Hairspray
Everything In Its Proper Place

In my experience, a person either loves musicals or detests them. Many find them too surreal (as if anyone breaks into harmonized, choreographed song when the gang fights start). Armed with the knowledge that Hairspray originated as aahem!respectable screenplay, unencumbered by silly, extraneous songs and dance routines, I was skeptical.

For those who (like me) have heard of Hairspray but know little about it, the tale takes place in 1960s Baltimore, where Corny Collins hosts a small-scale local version of American Bandstand. Every afternoon, a select few (white) teens dance their way through the coolest of pop music and new moves. And, just to be polite, once a month there is “Negro Night,” where the dance floor is bisected by color, and the African American kids can strut their stuff as well.

Nikki Blonsky as Tracy in Hairspray

Trouble erupts, though, when Tracy Turnblad, an otherwise shy, plump and bubbly teen whose absolute dream is to make it onto The Corny Collins Show, actually makes it onto the show, threatening the reigning dance princess’s modest charm and well-tended coiffure. When a sabotage scheme cooked up by Amber Von Tussle and her mother, Velma, lands the innocent Tracy in detention (occupied mostly by blacks) Tracy learns that there are more important issues than winning the Miss Teenage Hairspray crown—issues like segregation and racial inequality. After joining forces with Motormouth Maybelle, Tracy turns The Corny Collins Show into a demonstration ground, awakening Baltimore teens to racial integration.

What surprised me most about Hairspray is that, quite frankly, I enjoyed it. The casting, though eclectic, is superb, turning a movie about “standing out” into a balanced, artful ensemble effort. Nikki Blonsky as Tracy bubbles through her role with unfailing optimism—which I found refreshing in the face of the stick-thin actresses who dominate the Hollywood scene. John Travolta also surprised me in his understated drag as Tracy’s mother, Edna. Somehow, Travolta got away without overacting in this one; rather, Edna is just another quirky character in the mix. Queen Latifah puts forth her usual 110% as Maybelle, again without sticking out. And Christopher Walken (as Tracy’s father, Wilbur), an admittedly odd choice for a musical, adds his share of wackinessbut again, disrupting neither the flow nor the unity of the cast as a whole.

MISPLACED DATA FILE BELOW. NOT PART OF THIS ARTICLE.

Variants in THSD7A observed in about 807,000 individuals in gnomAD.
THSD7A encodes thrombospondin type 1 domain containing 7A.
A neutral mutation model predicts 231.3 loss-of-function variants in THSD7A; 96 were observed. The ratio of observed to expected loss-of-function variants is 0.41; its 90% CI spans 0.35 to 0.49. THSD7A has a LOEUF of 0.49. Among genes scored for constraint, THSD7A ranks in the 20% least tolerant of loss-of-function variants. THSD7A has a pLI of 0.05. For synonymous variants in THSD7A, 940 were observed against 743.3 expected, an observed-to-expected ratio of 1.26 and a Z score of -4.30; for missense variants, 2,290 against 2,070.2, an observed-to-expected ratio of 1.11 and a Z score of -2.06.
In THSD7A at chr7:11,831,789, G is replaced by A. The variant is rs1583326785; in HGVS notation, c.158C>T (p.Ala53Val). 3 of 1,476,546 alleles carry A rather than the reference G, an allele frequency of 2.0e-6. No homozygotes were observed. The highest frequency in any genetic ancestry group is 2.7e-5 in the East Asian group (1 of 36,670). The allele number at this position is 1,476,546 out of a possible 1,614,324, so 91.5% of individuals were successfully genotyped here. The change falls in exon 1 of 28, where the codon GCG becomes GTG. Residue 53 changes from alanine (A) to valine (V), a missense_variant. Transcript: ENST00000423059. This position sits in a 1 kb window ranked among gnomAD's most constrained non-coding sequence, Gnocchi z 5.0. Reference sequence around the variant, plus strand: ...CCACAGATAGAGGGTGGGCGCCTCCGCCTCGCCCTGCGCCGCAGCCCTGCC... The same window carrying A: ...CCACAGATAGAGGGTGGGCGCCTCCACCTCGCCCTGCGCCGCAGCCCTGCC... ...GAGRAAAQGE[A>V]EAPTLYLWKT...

Aside from the phenomenal casting, director Adam Shankman pulls the film together in a tightly-wrapped package, and hairsprays it into stark submission. Not a hair, not a word, not a movement is out of place. The choreographed scenes are great fun to watch, and the storyline never flags too much. In all, the film can be interpreted as a commentary on any prejudice: race, religious belief, size and shape, intelligence, education, income—you name it; and Hairspray can somehow relate to the tension between numerous parties.

Hairspray’s director, Adam Shankman, does an excellent job turning this film-turned-Broadway-musical-turned-movie-musical into an enjoyable, clean, slightly political but never preachy tale into a classic portrayal of winning, losing, and speaking out for what you believe.

Hairspray is rated PG for “language, some suggestive content and momentary teen smoking.” That is true, and it’s pretty tame, really. This is definitely a movie you could take your family to see, and not risk too much.

Courtesy of a local publicist, Jenn attended a promotional screening of Hairspray.